Wildcats Attend Fort Riley's 9/11 Ceremonies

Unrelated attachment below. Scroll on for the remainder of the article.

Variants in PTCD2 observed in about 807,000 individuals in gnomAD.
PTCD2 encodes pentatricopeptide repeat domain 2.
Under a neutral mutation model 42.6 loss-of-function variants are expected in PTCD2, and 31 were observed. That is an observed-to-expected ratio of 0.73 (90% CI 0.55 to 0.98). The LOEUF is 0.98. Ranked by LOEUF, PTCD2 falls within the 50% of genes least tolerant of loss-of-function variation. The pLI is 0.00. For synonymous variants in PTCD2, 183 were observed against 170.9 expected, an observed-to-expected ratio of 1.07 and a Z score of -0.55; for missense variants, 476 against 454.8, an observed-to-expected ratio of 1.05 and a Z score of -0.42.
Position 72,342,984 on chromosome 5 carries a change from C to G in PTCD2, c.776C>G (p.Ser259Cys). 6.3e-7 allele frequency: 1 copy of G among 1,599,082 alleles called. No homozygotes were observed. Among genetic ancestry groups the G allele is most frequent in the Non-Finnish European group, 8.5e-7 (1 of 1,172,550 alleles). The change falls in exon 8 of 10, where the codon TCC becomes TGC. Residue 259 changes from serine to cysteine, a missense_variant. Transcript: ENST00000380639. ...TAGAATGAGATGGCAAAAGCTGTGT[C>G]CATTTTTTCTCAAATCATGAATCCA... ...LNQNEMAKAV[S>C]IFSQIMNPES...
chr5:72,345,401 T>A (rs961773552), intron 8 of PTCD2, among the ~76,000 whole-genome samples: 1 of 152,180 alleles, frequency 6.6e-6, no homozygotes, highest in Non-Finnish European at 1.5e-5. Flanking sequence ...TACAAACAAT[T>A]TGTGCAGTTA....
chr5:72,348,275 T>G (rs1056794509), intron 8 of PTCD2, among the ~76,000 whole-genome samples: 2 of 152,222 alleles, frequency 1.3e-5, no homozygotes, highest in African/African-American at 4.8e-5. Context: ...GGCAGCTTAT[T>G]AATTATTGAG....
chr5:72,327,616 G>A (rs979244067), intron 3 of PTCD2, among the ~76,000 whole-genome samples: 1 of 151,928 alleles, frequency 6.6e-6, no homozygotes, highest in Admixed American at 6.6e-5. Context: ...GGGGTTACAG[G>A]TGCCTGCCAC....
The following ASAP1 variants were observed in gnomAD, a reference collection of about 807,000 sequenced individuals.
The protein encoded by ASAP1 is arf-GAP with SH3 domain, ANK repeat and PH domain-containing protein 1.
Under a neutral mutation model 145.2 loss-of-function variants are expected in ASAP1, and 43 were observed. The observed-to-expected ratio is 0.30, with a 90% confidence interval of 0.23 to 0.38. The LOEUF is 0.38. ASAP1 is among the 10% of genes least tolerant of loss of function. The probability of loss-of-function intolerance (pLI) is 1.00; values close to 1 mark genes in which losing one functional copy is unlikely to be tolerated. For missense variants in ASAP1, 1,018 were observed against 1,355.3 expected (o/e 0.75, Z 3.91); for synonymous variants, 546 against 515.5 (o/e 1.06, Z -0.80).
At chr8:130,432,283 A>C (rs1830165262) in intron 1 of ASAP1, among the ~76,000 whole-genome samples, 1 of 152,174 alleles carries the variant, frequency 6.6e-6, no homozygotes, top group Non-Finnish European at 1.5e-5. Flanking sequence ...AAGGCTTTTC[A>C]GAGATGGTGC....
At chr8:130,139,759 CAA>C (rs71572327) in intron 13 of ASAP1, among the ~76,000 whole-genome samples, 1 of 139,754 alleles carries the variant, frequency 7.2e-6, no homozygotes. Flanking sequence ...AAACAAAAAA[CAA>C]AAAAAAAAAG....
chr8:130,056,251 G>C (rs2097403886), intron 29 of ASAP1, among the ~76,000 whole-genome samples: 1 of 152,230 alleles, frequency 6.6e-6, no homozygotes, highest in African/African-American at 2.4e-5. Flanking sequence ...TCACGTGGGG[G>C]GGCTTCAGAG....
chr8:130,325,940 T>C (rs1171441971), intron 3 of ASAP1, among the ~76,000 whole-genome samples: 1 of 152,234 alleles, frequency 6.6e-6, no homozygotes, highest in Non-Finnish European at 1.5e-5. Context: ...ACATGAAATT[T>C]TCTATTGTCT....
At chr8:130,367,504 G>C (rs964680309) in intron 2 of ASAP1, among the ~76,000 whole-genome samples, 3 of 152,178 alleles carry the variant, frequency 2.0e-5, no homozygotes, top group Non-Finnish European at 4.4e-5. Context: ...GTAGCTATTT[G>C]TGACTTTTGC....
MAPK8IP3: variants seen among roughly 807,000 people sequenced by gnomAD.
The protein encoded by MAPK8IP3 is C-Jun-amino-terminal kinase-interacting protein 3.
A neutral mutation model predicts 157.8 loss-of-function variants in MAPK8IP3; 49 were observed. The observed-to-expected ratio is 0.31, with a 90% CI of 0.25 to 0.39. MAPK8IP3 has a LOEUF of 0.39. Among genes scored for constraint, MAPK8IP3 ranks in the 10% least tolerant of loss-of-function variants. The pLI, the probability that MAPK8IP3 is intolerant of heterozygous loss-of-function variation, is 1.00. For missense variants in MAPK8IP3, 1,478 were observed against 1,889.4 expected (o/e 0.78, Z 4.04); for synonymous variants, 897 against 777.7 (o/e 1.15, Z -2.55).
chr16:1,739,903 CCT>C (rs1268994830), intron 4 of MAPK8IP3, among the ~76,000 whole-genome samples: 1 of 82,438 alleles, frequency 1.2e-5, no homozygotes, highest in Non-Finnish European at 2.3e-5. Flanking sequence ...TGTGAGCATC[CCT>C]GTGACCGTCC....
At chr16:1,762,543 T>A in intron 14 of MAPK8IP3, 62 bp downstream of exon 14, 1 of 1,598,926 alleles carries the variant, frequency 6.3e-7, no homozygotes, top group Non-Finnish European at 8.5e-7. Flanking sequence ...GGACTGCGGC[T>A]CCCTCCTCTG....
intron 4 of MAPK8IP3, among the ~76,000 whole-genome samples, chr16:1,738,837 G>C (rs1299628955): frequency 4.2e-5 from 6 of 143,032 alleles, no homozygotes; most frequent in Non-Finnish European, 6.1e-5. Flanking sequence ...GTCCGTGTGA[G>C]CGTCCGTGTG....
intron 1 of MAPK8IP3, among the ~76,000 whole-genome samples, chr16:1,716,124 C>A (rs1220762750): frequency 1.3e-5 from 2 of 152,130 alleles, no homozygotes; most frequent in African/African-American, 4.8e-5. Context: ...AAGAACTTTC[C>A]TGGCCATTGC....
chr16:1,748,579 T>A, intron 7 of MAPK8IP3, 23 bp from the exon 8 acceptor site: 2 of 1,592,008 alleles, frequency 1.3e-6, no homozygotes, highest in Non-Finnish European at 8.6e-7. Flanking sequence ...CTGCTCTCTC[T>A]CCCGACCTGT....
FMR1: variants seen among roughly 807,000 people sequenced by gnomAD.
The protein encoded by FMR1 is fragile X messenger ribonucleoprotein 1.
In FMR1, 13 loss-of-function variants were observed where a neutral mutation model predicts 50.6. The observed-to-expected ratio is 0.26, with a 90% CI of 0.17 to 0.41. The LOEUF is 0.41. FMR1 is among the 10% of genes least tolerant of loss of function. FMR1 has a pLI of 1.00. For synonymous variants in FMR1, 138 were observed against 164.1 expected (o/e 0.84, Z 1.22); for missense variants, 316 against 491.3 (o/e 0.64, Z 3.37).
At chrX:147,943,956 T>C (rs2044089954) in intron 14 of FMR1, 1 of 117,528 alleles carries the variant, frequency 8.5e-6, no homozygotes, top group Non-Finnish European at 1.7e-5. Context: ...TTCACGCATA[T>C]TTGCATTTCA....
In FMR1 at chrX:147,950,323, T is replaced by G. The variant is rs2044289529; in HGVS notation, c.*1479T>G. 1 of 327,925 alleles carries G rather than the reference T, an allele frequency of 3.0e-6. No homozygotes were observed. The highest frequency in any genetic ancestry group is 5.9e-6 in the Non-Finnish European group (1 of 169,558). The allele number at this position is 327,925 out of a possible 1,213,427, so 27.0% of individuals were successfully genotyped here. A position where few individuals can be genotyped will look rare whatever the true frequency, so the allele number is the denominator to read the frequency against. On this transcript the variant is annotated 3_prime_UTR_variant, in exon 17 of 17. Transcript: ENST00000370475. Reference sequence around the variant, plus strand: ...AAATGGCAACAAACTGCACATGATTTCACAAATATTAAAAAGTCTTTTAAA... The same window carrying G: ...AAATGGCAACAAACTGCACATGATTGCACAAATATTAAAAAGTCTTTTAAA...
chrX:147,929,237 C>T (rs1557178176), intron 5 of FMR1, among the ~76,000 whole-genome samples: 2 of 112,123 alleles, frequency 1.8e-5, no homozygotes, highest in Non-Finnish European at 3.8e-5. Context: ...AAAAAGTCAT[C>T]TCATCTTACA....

"We try to take every opportunity that we can to demonstrate to our young people what America is all about," said K-State basketball coach Frank Martin. "We want them to fully understand how privileged they are, not only to live in a country where they have rights and freedoms, but we want to introduce them to what other people do that helps them have a career as a college basketball player. If we're not reminded how lucky we are from time to time, we can start taking some things for granted." During the 90-minute morning visit, the players and coaching staff viewed a Twin Towers monument that has the names of every soldier who has lost his or her life since 9/11, plus there was time for the players to interact with wives and husbands of soldiers, plus their young children. "It's something our players want to do, and I think something the families really appreciate," said Martin. Especially for a pair of New Yorkers, the day on base and 9/11 carried a special significance. "It really was a beautiful ceremony and the monuments they have at Fort Riley are very touching," said Jordan Henriquez-Roberts, who said his grandmother had close friends who died in the collapse of the Twin Towers. "I was only in middle school at the time, but I remember the day vividly. I remember how my mother called the school and picked me up immediately because she was so afraid. We watched TV together for the rest of the day." While Henriquez-Roberts was on Long Island, roughly an hour away from the Twin Towers, current teammate Curtis Kelly was in the Bronx. "I remember being able to see all the smoke ... all that smoke," said Kelly, who remembers getting out of school early and going to his aunt's home. "I didn't personally know anyone who lost their life, but I don't know of a person in New York City who at least had a friend who knew someone that died." Martin was an assistant coach at Northeastern University in Boston, Mass., in 2001, and as he remembers, "I was running on a treadmill in Atlanta, Ga., where I was on a recruiting trip when I first learned of the attack." With all flights cancelled, Martin says he rented a car the next day and drove back to Boston. ARROWHEAD FESTIVITIES: K-State fans are invited to the K-State Alumni Association pregame event at Arrowhead Stadium Saturday prior to the game with Iowa State. On hand will be K-State President Kirk Schulz, athletics director John Currie and Alumni Association President Amy Button Renz. Oh yes, also attending will be Willie, the Kansas State cheerleaders and the marching band. Festivities begin at 7 a.m., with speeches taking place at 9 a.m., prior to the 11 a.m. kickoff. The event will take place at Arrowhead Pavilion at Arrowhead Stadium. A la carte breakfast and lunch items will be available for purchase inside. Beer, wine, mixed drinks, soda and bottled water also will be available for purchase. The cost is $5 per person, but free for those 18 and under. Reservations are not required. Information on the Wildcat Pregame event at Arrowhead Stadium and other K-State gathering spots in Kansas City can be found at www.k-state.com/arrowheadpregameDIRECTIONS TO ARROWHEAD: K-State fans are encouraged to use I-435 and enter Arrowhead Stadium's west parking lots. Fans are asked to enter through Gates 5 or 6 and use parking lots F, G, H, J and N. To avoid construction on the Kansas Turnpike between mile markers 204-209 at Lawrence, fans driving from west may want to exit at the Lecompton/K-10 Exit (Plaza 197) onto K-10. Stay on K-10 eastbound until it merges onto I-435 in Lenexa. Follow I-435 into Missouri, then north to Exit 63C, the Sports Complex Exit. Use the Stadium Drive ramp to access Gates 5 and 6. Lots will open at 7 a.m., and parking fees are $25.  We hope you enjoy K-State Sports Extra. We would like to hear your comments and any story ideas for future emails, so fire them our way. Contact either Mark Janssen at mjanssen7@cox.net, or Kansas State Director of Athletic Communications/SID Kenny Lannou at klannou@kstatesports.com.